News: Employees prefer male bosses: Randstad Report


Employees prefer male bosses: Randstad Report

While 65% of employees (globally) prefer working for male bosses, 87% employees prefer a highly diverse team, and 84% believe that teams achieve better results while working in a gender diversified teams.
Employees prefer male bosses: Randstad Report

While organizations are worried about diversified workforce, a survey by Randstad has found that 65% respondents prefer to work with male bosses rather than female. And in the South-East Asian Countries like Singapore, Hong Kong and Malaysia, the employees strongly desire to work for male bosses – the percentage which actually surpasses the global average. 

According to the Randstad’s Global Q3 2016 Workmonitor Report, respondents in 75% respondents in Singapore, 78% in Hong Kong and 73% in Malaysia favour working with male bosses. The global average is 65% in this context. 

Females in the region also cited a robust preference for male direct bosses, with women in Singapore (74%), Hong Kong (74%) and Malaysia (63%) outranking the much lower global average of 58%.

Globally, Japan and Greece had the strongest preference for male bosses at 80%. And about 65% of Australian respondents said they prefer a male as a direct manager, yet 90% reported a preference to work in a gender diverse team.  However, gender bias was still considered an issue in more than half of Australian workplaces, with 60% indicating that men are favoured over women when two candidates equally qualify for the same job. 

The Report also suggested that despite employees preferring male bosses, team diversity is highly appreciated, as 87% prefer working in a gender-diverse team. Also, 84% believe that gender-diverse teams achieve better results than single sex/gender teams. And merely 36% of the global respondents consider it a good thing that one gender is favoured over another in order to meet the diversity target.

And the 79% of respondents also believed that males and females who have the similar positions in organization draw same compensation – depicting that they are not fully attuned to the problems faced by many female staff.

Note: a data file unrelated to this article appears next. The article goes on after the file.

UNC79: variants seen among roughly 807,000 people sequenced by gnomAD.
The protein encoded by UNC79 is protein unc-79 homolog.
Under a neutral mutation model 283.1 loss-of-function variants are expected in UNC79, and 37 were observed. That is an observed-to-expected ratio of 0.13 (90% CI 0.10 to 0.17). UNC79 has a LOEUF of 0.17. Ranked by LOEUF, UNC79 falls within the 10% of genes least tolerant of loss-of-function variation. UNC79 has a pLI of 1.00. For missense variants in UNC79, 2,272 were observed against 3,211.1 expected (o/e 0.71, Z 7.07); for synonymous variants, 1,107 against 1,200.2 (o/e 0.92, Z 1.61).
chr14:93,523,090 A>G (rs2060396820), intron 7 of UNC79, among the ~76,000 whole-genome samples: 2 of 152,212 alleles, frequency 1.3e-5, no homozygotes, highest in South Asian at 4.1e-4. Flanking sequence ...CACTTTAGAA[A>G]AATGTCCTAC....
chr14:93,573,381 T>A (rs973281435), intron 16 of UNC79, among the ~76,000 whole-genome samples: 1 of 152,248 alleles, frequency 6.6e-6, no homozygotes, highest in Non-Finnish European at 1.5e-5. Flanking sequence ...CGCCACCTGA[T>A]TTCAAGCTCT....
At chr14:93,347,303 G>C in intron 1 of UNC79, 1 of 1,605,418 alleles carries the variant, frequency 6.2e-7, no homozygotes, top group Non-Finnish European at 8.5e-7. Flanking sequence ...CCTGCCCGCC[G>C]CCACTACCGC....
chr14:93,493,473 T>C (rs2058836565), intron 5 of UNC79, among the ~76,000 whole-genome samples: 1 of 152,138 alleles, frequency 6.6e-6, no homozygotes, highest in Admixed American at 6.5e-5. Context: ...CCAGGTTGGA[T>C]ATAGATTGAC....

Respondents from Singapore (81%), Hong Kong (81%), and Malaysia (83%) echo similar sentiments. 

The Workmonitor results show a worrying trend in this region with such strong preferences for having male bosses in the workplace - despite open discussions around the issue of gender equality going on around the world,” said Michael Smith, MD for Randstad Singapore, Hong Kong and Malaysia.

“Corporate and government initiatives are just a start, but for real change to take place, the issues around gender equality need to be recognised and mind-sets need to evolve. As a staunch supporter of gender equality in the workplace, I expect to see these sentiments slowly change for the better over the coming years as traditional family structures, where the notion of men being the sole family breadwinner, are starting to be challenged in the region.”

With regard to reward, 79% of the respondents think that men and women are rewarded equally in similar jobs. In Q1 2013, this was 73%, indicating a rise in perception.

In heading a team, 76% of the global respondents say that their direct manager plays an important role in setting the team spirit and 73% agree that their direct manager advocates company culture and sets the example. Ton Hopmans, Chief HR Officer at Randstad, comments: "Company culture, and within that trust specifically, is at the heart of successful team work. If trust is embedded in company culture, and trust exists between managers and their teams, it not only enhances team spirit, but also drives engagement and productivity."

The Randstad Workmonitor quarterly report surveyed employees in 34 countries worldwide, with a minimum of 400 respondents per country. The quantitative study is conducted through an online questionnaire and covers people aged between 18 and 65 who work a minimum of 24 hours a week in a paid job.

Read full story

Topics: Diversity, Culture

Did you find this story helpful?



How do you envision AI transforming your work?